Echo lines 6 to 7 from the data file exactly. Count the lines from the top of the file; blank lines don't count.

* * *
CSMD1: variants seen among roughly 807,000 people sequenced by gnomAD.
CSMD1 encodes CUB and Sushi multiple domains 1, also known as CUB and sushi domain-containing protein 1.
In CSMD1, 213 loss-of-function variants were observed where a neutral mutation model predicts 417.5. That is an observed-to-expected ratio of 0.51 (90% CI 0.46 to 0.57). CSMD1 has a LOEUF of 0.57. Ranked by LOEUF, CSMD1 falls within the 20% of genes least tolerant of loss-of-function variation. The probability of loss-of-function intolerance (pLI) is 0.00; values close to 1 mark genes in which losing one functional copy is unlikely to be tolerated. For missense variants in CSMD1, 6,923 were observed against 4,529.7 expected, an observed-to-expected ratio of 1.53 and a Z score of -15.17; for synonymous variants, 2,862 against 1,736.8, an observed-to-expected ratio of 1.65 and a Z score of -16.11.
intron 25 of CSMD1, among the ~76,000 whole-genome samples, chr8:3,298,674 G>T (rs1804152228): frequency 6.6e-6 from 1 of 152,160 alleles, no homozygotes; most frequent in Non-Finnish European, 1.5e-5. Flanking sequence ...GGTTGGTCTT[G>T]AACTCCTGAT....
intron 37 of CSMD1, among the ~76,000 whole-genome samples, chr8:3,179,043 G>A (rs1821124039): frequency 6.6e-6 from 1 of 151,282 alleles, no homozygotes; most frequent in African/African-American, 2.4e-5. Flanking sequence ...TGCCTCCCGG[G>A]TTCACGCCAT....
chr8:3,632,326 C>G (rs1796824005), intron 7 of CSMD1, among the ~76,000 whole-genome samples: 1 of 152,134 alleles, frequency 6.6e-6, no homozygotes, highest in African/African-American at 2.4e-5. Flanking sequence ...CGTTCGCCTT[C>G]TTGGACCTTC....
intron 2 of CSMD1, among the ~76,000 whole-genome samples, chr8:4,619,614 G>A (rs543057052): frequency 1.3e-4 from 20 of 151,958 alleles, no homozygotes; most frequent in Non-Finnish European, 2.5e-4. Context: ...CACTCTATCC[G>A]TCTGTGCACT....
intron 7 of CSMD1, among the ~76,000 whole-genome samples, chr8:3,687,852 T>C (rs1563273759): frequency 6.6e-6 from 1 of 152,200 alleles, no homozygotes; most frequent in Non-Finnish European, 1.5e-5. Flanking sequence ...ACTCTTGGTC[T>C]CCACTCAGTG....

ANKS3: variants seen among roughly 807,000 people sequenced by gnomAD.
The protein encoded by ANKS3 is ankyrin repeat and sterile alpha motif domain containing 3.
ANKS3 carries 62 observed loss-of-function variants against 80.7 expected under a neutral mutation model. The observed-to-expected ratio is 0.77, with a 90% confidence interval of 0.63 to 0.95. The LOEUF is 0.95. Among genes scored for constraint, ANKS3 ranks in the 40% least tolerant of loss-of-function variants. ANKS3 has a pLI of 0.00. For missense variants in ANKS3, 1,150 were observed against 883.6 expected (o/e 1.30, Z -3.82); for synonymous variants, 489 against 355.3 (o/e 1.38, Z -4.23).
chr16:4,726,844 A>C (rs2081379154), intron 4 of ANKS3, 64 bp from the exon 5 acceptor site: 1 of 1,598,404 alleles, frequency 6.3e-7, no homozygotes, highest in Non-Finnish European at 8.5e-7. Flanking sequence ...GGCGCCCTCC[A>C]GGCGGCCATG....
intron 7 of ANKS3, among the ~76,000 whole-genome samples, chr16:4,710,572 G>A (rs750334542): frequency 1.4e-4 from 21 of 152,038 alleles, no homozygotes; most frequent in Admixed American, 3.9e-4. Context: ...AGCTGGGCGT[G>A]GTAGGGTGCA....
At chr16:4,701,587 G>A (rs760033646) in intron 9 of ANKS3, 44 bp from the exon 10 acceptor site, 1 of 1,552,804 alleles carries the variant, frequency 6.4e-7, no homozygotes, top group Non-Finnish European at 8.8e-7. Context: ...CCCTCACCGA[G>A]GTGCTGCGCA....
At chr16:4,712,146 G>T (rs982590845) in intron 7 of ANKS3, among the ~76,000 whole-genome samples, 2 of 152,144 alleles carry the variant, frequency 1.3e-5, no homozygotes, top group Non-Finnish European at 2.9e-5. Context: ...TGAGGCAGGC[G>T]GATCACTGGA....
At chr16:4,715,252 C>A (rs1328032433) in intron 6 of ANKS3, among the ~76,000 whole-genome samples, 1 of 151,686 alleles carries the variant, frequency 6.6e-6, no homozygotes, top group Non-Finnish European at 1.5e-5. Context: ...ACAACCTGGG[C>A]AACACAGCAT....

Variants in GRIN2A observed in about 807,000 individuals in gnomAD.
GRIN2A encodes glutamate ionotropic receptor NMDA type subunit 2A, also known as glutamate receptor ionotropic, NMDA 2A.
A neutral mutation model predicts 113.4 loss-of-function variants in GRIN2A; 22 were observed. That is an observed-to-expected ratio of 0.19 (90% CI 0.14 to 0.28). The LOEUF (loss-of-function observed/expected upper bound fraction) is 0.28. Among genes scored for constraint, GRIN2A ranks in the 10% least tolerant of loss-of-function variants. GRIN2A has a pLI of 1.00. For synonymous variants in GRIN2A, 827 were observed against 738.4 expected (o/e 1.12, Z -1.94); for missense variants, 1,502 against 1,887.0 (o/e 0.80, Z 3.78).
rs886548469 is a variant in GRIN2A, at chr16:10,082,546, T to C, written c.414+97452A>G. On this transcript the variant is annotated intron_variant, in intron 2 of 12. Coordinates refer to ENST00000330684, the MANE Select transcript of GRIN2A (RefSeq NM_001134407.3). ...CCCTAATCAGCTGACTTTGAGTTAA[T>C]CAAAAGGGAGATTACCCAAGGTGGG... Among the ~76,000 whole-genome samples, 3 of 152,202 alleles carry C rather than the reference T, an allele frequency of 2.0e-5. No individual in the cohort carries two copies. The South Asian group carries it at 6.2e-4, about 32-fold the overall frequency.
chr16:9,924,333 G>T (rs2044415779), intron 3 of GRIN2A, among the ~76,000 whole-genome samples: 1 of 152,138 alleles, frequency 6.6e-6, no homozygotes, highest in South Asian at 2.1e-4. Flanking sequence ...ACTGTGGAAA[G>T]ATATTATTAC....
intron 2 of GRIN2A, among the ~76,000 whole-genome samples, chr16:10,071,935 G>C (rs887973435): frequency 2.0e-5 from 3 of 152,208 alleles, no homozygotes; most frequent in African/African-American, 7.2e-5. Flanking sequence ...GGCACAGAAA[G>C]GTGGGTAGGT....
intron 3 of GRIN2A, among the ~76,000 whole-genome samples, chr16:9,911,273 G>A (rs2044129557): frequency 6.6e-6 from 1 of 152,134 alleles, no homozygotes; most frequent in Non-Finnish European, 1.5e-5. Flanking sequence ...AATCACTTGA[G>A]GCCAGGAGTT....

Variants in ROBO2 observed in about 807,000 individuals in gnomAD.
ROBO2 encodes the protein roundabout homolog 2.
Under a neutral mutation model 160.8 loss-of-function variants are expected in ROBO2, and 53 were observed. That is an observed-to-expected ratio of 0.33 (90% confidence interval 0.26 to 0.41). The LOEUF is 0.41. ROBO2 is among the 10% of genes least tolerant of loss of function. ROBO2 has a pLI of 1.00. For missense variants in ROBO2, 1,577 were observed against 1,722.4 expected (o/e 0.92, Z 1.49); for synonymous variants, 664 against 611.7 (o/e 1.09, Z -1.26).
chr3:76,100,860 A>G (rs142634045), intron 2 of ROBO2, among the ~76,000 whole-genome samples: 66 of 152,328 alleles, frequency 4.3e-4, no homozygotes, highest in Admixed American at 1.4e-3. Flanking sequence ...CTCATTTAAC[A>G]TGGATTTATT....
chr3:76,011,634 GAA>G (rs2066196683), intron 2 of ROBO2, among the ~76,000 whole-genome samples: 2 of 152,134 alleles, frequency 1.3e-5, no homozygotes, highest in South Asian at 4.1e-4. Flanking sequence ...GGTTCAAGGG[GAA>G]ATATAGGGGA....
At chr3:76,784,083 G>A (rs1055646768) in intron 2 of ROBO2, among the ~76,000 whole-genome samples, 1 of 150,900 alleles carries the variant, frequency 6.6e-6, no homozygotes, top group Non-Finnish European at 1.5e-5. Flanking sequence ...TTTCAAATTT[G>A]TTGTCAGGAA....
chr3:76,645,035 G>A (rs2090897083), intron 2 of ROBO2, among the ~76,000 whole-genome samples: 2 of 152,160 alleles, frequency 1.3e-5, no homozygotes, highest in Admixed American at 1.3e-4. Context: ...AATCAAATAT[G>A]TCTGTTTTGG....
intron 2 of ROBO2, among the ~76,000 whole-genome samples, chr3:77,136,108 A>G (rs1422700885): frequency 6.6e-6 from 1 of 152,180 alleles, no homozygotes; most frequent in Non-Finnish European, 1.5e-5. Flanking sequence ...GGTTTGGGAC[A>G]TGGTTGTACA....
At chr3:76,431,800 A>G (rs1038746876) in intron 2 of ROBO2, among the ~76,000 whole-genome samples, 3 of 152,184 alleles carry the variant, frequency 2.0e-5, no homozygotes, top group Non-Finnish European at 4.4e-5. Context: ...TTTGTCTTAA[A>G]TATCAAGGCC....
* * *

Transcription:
chr8:3,632,326 C>G (rs1796824005), intron 7 of CSMD1, among the ~76,000 whole-genome samples: 1 of 152,134 alleles, frequency 6.6e-6, no homozygotes, highest in African/African-American at 2.4e-5. Flanking sequence ...CGTTCGCCTT[C>G]TTGGACCTTC....
intron 2 of CSMD1, among the ~76,000 whole-genome samples, chr8:4,619,614 G>A (rs543057052): frequency 1.3e-4 from 20 of 151,958 alleles, no homozygotes; most frequent in Non-Finnish European, 2.5e-4. Context: ...CACTCTATCC[G>A]TCTGTGCACT....